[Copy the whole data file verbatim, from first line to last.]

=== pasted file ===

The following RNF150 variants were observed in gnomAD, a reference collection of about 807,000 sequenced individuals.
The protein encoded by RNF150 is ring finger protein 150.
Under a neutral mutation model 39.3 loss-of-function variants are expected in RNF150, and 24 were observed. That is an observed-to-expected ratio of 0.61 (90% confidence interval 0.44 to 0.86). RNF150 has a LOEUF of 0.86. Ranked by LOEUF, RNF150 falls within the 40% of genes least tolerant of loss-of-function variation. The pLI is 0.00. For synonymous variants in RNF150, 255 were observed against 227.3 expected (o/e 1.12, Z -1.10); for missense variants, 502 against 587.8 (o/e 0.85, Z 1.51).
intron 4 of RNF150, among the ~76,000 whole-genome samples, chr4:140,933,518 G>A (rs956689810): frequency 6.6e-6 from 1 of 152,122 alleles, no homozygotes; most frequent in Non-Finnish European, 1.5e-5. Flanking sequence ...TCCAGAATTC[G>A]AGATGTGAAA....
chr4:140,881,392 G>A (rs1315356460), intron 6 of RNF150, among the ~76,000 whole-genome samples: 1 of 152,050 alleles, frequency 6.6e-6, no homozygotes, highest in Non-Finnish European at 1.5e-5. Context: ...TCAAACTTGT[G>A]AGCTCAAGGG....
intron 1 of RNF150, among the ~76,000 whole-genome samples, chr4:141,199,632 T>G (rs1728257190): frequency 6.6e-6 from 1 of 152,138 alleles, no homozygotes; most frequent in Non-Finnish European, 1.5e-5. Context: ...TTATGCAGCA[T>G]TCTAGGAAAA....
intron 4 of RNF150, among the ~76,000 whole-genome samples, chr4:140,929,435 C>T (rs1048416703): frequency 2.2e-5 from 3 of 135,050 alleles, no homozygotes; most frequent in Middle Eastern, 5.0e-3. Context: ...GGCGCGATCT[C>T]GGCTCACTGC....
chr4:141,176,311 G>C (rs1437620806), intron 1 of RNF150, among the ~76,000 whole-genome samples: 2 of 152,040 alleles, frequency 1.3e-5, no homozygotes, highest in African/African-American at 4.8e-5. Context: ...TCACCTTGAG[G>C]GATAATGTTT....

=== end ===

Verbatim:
The following RNF150 variants were observed in gnomAD, a reference collection of about 807,000 sequenced individuals.
The protein encoded by RNF150 is ring finger protein 150.
Under a neutral mutation model 39.3 loss-of-function variants are expected in RNF150, and 24 were observed. That is an observed-to-expected ratio of 0.61 (90% confidence interval 0.44 to 0.86). RNF150 has a LOEUF of 0.86. Ranked by LOEUF, RNF150 falls within the 40% of genes least tolerant of loss-of-function variation. The pLI is 0.00. For synonymous variants in RNF150, 255 were observed against 227.3 expected (o/e 1.12, Z -1.10); for missense variants, 502 against 587.8 (o/e 0.85, Z 1.51).
intron 4 of RNF150, among the ~76,000 whole-genome samples, chr4:140,933,518 G>A (rs956689810): frequency 6.6e-6 from 1 of 152,122 alleles, no homozygotes; most frequent in Non-Finnish European, 1.5e-5. Flanking sequence ...TCCAGAATTC[G>A]AGATGTGAAA....
chr4:140,881,392 G>A (rs1315356460), intron 6 of RNF150, among the ~76,000 whole-genome samples: 1 of 152,050 alleles, frequency 6.6e-6, no homozygotes, highest in Non-Finnish European at 1.5e-5. Context: ...TCAAACTTGT[G>A]AGCTCAAGGG....
intron 1 of RNF150, among the ~76,000 whole-genome samples, chr4:141,199,632 T>G (rs1728257190): frequency 6.6e-6 from 1 of 152,138 alleles, no homozygotes; most frequent in Non-Finnish European, 1.5e-5. Context: ...TTATGCAGCA[T>G]TCTAGGAAAA....
intron 4 of RNF150, among the ~76,000 whole-genome samples, chr4:140,929,435 C>T (rs1048416703): frequency 2.2e-5 from 3 of 135,050 alleles, no homozygotes; most frequent in Middle Eastern, 5.0e-3. Context: ...GGCGCGATCT[C>T]GGCTCACTGC....
chr4:141,176,311 G>C (rs1437620806), intron 1 of RNF150, among the ~76,000 whole-genome samples: 2 of 152,040 alleles, frequency 1.3e-5, no homozygotes, highest in African/African-American at 4.8e-5. Context: ...TCACCTTGAG[G>C]GATAATGTTT....